Washington-Lee High School physics teacher Kate Miller strives to make physics exciting and approachable. She will be living her lifelong dream of joining Jim Madsen and the Ice Cube Neutrino Observatory team at the South Pole to research high-energy neutrinos.
In Winter 2016, Kate will participate as a research team member in an authentic scientific expedition in Antarctica, joining other K-12 teachers who will be working in research locations from the Arctic Ocean to Antarctica, as part of a program that allows teachers to experience first-hand what it is like to conduct scientific research in some of the most remote locations on earth.
Kate is one many teachers selected through a nationwide search to participate in PolarTREC, an educational research experience in which K-12 teachers participate in polar research, working closely with scientists as a pathway to improving science education. Through PolarTREC, selected teachers will have the rare opportunity to spend two to six weeks working with a research team in the Arctic or Antarctic.
While on field expeditions, teachers and researchers will share their experiences with scientists, educators, communities, and students of all ages through the use of Internet tools such as online teacher and researcher journals, message boards, photo albums, podcasts, PolarConnect real-time presentations from the field, and online learning resources. After the field experience, teachers and researchers will continue to share their experiences with the public and create instructional activities to transfer scientific data, methodologies, and technology to classrooms.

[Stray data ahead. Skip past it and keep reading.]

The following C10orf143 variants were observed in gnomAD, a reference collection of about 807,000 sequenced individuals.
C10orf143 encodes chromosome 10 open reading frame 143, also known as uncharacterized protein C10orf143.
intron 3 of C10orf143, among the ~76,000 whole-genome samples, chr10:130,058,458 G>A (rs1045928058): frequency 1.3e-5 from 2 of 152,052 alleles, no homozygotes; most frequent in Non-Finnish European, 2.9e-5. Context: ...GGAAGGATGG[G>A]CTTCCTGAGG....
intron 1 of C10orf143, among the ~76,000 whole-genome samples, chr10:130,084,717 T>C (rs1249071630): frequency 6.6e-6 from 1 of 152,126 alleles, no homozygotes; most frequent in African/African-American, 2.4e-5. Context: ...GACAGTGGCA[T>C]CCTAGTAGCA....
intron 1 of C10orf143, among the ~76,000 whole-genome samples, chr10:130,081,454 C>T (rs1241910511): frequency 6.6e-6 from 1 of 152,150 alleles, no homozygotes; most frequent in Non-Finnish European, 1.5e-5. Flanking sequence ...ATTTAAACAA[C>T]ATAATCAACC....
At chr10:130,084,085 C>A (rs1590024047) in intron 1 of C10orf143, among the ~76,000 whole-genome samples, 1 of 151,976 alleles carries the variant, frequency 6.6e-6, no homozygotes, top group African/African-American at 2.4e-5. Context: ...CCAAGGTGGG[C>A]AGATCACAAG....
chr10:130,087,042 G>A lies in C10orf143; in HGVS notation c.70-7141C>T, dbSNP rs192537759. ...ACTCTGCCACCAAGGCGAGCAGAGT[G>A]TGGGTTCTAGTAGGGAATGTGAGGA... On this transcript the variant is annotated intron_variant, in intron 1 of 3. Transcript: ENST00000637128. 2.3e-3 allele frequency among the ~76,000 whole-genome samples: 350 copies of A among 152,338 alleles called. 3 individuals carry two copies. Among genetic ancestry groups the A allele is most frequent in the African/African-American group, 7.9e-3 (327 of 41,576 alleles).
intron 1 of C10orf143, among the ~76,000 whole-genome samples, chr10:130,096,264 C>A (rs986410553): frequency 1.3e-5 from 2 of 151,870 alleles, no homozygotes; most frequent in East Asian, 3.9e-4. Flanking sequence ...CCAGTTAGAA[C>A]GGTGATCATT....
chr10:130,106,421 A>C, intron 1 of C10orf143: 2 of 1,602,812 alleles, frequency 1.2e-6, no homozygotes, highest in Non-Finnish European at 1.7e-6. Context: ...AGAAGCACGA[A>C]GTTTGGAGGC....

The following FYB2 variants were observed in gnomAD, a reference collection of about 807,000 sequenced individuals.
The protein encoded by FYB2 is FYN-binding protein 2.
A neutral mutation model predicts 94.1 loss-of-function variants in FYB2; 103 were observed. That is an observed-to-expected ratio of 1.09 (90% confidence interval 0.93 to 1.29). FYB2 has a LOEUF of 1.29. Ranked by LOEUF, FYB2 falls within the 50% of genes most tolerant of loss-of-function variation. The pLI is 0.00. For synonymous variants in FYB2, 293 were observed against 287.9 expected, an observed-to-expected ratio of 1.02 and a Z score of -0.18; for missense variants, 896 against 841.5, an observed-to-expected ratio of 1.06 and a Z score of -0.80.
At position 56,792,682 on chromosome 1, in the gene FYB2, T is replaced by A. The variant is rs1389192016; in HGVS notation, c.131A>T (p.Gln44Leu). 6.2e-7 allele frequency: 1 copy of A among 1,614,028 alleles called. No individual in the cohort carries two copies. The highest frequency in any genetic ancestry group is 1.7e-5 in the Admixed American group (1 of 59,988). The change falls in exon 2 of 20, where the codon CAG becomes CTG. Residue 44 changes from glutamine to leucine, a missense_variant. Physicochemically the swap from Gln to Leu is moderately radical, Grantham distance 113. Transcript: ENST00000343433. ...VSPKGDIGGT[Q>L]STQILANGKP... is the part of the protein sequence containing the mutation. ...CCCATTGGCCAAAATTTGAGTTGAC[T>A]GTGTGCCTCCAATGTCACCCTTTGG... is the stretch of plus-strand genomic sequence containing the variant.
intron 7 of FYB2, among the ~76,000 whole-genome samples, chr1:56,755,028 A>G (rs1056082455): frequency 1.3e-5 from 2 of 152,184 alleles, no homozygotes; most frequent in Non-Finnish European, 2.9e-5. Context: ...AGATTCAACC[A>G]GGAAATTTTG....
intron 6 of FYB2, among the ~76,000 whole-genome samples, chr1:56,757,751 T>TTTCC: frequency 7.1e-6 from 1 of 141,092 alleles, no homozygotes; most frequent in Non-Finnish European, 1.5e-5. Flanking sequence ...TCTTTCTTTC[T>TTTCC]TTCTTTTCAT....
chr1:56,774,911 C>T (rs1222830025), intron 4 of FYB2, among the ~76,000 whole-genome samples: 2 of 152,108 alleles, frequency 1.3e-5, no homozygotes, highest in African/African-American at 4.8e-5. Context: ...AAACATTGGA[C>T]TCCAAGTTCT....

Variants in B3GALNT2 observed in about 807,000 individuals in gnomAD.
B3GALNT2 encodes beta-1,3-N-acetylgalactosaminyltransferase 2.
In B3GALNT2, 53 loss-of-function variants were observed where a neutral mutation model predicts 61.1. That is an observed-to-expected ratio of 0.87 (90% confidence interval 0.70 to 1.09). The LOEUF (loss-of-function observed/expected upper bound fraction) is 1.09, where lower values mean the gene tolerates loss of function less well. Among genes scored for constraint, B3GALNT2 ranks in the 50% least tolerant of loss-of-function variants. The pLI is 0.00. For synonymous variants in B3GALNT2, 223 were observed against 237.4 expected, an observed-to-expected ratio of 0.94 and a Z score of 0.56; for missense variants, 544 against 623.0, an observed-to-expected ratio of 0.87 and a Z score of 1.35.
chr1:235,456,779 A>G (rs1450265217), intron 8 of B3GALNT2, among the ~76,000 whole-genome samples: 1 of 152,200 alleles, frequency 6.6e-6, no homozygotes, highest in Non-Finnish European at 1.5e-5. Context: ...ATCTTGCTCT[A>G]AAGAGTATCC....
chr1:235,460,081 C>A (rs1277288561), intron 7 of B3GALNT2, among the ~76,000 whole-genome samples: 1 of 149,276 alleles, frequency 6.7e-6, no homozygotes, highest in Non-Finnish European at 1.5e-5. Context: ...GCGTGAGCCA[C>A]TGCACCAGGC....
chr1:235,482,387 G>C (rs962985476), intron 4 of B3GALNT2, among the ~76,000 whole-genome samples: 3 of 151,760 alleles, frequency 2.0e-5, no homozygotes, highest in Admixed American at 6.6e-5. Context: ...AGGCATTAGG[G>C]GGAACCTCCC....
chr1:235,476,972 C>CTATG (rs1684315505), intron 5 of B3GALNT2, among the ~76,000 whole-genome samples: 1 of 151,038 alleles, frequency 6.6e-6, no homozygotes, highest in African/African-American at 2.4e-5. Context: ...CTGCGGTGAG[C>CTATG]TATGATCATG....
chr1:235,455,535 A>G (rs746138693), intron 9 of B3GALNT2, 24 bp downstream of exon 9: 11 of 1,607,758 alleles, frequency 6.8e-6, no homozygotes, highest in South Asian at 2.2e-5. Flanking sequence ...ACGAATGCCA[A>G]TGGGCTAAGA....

The first expeditions depart in early spring 2016 with teachers deploying to Alaska and Greenland. Additional expeditions will take place throughout the Arctic field season in the summer of 2016. The Antarctic field season will be in full swing by October and continue through the winter of 2016-17. This year's expeditions will range from the Arctic Circle to the South Pole and study a large scope of topics from marine biology to landscape ecology.
Follow Kate’s Journal for updates
before and during expedition.
PolarTREC is managed by the Arctic Research Consortium of the U.S. (ARCUS) and funded by the National Science Foundation and additional partnerships. For more information and to participate, see the PolarTREC website
or contact the ARCUS Project Managers, Janet Warburton and Sarah Bartholow at firstname.lastname@example.org or call 907-474-1600.
The Arctic Research Consortium of the United States (ARCUS) is based in Fairbanks, Alaska and was formed in 1988 to provide leadership in advancing knowledge and understanding of the Arctic. ARCUS is a member consortium of educational and scientific institutions. Further information is available online